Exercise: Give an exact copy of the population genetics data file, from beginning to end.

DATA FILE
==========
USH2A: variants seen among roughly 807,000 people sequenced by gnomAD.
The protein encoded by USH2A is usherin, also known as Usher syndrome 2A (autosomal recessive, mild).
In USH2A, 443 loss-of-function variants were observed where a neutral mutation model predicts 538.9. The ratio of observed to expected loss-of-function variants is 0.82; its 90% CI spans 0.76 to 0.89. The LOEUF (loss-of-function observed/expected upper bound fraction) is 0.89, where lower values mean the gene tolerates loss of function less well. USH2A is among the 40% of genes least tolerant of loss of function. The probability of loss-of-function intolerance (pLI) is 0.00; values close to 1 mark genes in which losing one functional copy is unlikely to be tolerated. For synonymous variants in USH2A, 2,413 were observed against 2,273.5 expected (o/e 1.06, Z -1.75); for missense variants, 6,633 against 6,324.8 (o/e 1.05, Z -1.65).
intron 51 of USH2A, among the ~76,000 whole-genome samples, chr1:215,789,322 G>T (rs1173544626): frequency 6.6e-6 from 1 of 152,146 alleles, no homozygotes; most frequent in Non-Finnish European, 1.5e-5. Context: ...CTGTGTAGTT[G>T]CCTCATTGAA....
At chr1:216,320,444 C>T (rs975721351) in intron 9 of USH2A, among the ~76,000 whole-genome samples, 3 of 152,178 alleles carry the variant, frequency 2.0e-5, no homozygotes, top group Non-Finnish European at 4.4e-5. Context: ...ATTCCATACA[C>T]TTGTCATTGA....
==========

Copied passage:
USH2A: variants seen among roughly 807,000 people sequenced by gnomAD.
The protein encoded by USH2A is usherin, also known as Usher syndrome 2A (autosomal recessive, mild).
In USH2A, 443 loss-of-function variants were observed where a neutral mutation model predicts 538.9. The ratio of observed to expected loss-of-function variants is 0.82; its 90% CI spans 0.76 to 0.89. The LOEUF (loss-of-function observed/expected upper bound fraction) is 0.89, where lower values mean the gene tolerates loss of function less well. USH2A is among the 40% of genes least tolerant of loss of function. The probability of loss-of-function intolerance (pLI) is 0.00; values close to 1 mark genes in which losing one functional copy is unlikely to be tolerated. For synonymous variants in USH2A, 2,413 were observed against 2,273.5 expected (o/e 1.06, Z -1.75); for missense variants, 6,633 against 6,324.8 (o/e 1.05, Z -1.65).
intron 51 of USH2A, among the ~76,000 whole-genome samples, chr1:215,789,322 G>T (rs1173544626): frequency 6.6e-6 from 1 of 152,146 alleles, no homozygotes; most frequent in Non-Finnish European, 1.5e-5. Context: ...CTGTGTAGTT[G>T]CCTCATTGAA....
At chr1:216,320,444 C>T (rs975721351) in intron 9 of USH2A, among the ~76,000 whole-genome samples, 3 of 152,178 alleles carry the variant, frequency 2.0e-5, no homozygotes, top group Non-Finnish European at 4.4e-5. Context: ...ATTCCATACA[C>T]TTGTCATTGA....